post #8 of 152
Quote:
Originally Posted by Zanth View Post
But don't expect it to sound the same on your system. Typical chain:
LP-->TT(cart, arm, table, cables) --> phono amp --> preamp if no phono input --> amp --> speakers
needle drop .wav --> dac --> preamp --> amp --> speakers
Notice the difference?
The only difference is the DAC. As long as the DAC performs flat and up to specs, it will sound identical.

See ya
Steve
post #9 of 152
Quote:
Originally Posted by bigshot View Post
The only difference is the DAC. As long as the DAC performs flat and up to specs, it will sound identical.

See ya
Steve
Good luck finding a cart/arm/phono that will sound like a dac... Even the most linear carts, the longest arms and the most neutral/linear ss phonos won't sound like a very linear dac. Instead of "like" I should use "the same." They will be similar but not enough to mystify folks into think they are hearing the same thing. Maybe some fancy equalizer could help.
post #10 of 152
Dude, the DAC is playing a recording of the the turntable. Think about it.
post #11 of 152
I am continually surprised at how good my vinyl sounds transfered to cdr via a $200 Teac stand-alone cd recorder. It is much better than transfers to cassette tape. Now I can play my lp's anywhere I have a cd player.
post #12 of 152
Quote:
Originally Posted by edstrelow View Post
I am continually surprised at how good my vinyl sounds transfered to cdr via a $200 Teac stand-alone cd recorder. It is much better than transfers to cassette tape.
Sounds to me like you need a better tape deck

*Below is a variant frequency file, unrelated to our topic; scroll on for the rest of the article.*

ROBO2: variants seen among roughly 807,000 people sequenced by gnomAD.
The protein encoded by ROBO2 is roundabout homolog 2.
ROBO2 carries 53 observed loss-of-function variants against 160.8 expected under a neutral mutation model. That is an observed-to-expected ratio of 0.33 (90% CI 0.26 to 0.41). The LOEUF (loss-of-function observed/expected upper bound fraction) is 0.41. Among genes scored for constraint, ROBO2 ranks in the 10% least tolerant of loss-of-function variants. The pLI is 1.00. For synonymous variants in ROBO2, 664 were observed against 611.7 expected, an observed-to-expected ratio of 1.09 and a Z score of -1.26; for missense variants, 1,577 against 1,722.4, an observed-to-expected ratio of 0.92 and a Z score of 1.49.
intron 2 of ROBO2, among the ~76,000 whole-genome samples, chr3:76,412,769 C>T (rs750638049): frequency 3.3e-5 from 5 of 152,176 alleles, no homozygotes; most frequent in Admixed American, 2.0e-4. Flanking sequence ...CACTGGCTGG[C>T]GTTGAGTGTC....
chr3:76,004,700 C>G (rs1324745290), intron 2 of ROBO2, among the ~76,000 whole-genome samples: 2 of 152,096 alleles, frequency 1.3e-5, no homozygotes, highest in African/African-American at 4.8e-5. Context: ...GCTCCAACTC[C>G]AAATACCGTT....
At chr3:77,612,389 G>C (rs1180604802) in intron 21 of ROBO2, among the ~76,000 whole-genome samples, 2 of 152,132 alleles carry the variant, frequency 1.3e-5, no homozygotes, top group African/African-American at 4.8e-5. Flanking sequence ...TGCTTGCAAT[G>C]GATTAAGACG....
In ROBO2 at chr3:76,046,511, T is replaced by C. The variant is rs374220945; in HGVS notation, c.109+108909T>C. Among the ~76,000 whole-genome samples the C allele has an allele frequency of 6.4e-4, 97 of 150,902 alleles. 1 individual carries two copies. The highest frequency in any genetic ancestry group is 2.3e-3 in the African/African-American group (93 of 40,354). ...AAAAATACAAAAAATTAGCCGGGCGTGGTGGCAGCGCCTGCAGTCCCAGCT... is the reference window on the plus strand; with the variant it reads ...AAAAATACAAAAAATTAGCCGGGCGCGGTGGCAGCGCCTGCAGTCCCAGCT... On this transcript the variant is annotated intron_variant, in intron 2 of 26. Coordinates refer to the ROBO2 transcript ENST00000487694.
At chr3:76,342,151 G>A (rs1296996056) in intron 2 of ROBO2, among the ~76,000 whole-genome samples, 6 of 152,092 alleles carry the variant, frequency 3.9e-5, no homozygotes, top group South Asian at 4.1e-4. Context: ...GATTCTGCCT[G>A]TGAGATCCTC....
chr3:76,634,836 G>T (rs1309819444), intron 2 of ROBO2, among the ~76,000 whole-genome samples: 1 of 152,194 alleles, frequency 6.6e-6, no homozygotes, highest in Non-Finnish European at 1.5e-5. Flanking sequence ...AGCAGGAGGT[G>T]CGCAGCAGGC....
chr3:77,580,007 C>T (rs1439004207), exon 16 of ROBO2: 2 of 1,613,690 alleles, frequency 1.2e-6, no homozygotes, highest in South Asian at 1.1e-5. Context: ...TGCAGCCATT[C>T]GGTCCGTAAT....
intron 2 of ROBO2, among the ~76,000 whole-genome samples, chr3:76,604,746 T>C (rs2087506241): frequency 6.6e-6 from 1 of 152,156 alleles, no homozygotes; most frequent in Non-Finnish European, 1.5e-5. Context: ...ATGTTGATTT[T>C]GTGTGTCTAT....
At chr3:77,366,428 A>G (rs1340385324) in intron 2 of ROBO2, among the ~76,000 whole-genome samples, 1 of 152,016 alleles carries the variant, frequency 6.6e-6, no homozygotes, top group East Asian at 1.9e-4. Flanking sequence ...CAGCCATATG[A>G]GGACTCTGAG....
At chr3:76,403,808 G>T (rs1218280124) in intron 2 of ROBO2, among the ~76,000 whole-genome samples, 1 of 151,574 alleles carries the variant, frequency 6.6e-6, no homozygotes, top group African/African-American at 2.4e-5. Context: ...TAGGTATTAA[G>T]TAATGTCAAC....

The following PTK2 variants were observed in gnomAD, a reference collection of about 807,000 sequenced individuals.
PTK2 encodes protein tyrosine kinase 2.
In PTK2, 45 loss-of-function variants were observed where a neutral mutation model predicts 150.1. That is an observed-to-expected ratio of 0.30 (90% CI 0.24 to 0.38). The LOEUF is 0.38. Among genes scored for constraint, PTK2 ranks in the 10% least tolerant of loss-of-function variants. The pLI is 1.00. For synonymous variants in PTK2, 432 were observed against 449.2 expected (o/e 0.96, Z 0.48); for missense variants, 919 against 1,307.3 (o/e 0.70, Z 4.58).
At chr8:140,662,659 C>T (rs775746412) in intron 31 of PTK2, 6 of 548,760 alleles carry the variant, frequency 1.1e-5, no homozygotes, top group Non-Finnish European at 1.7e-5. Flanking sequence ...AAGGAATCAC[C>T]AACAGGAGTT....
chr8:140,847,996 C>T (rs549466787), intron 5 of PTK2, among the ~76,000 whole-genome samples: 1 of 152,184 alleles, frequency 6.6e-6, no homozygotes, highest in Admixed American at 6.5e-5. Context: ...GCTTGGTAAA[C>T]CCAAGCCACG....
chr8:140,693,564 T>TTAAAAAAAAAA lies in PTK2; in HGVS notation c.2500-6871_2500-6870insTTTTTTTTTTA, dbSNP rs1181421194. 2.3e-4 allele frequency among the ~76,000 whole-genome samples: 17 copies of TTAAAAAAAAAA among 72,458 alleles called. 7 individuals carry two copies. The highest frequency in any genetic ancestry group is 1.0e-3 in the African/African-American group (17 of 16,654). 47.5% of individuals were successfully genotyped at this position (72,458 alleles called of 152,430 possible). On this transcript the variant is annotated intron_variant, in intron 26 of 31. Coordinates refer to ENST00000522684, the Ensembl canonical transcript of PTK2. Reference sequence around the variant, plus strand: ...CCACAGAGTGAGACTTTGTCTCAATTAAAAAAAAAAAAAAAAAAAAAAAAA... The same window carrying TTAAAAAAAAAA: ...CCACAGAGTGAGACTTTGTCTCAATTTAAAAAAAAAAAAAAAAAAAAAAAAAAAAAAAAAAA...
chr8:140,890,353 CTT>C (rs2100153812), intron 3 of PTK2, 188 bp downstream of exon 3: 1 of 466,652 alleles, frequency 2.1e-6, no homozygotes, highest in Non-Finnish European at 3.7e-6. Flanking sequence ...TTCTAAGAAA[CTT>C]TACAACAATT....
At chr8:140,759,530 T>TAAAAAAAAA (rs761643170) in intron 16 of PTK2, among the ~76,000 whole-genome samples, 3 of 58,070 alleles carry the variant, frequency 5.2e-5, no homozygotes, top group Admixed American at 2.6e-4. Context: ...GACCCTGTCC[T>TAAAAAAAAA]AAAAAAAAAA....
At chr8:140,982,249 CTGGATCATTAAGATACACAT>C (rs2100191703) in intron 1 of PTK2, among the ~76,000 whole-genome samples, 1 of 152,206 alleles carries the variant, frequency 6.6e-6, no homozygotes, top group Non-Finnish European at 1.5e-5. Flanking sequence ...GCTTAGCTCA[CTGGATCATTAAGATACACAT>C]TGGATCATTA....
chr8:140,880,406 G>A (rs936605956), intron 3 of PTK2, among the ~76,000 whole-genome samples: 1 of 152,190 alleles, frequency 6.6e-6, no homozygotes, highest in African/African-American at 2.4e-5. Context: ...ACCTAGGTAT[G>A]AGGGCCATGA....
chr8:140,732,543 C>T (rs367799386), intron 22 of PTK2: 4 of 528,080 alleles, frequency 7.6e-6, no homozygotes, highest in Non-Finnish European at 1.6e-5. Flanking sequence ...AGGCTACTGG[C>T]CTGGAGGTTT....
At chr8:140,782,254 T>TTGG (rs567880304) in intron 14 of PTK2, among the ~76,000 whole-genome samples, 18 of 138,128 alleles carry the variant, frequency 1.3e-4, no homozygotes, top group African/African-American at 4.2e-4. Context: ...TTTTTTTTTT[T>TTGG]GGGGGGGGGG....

post #13 of 152
Quote:
Originally Posted by Sduibek View Post
Hello all, good afternoon!

Check it out: ThinkGeek :: Ion USB Turntable

So, it begs the question -- if you losslessly transfer Vinyl music into digital .WAV format, will it sill have the same quality of sound that vinyl junkies have come to know and love?


Seems a waist of time and energy.
post #14 of 152
That $99 dollar piece of junk couldn't come close to extracting anything that is on an lp. Just get a vintage table and receiver with phono jack and use the tape out into a sound card.
post #15 of 152
Quote:
Originally Posted by bigshot View Post
I have done it many times. The answer is yes. The sound advantage of vinyl is better mixing and mastering, not the capability of the format itself. A well captured LP sounds the same as the original LP... after a little bit of carefully applied noise reduction, it sounds even better.

See ya
Steve
Incorrect on both accounts. Due to the nature or 44.1/16 PCM bass under 40hz is compromised by lack of bandwidth. As amplitude*frequency=power deep bass requires greater amplitude (in this case word length) than the rest of the spectrum, which isn't available in 16bit when making sensible use of the resolution available. This isn't simply the folly of engineers. But vinyl has it's own limitations, and I'm sure you will find some cds sound better than their vinyl counterparts.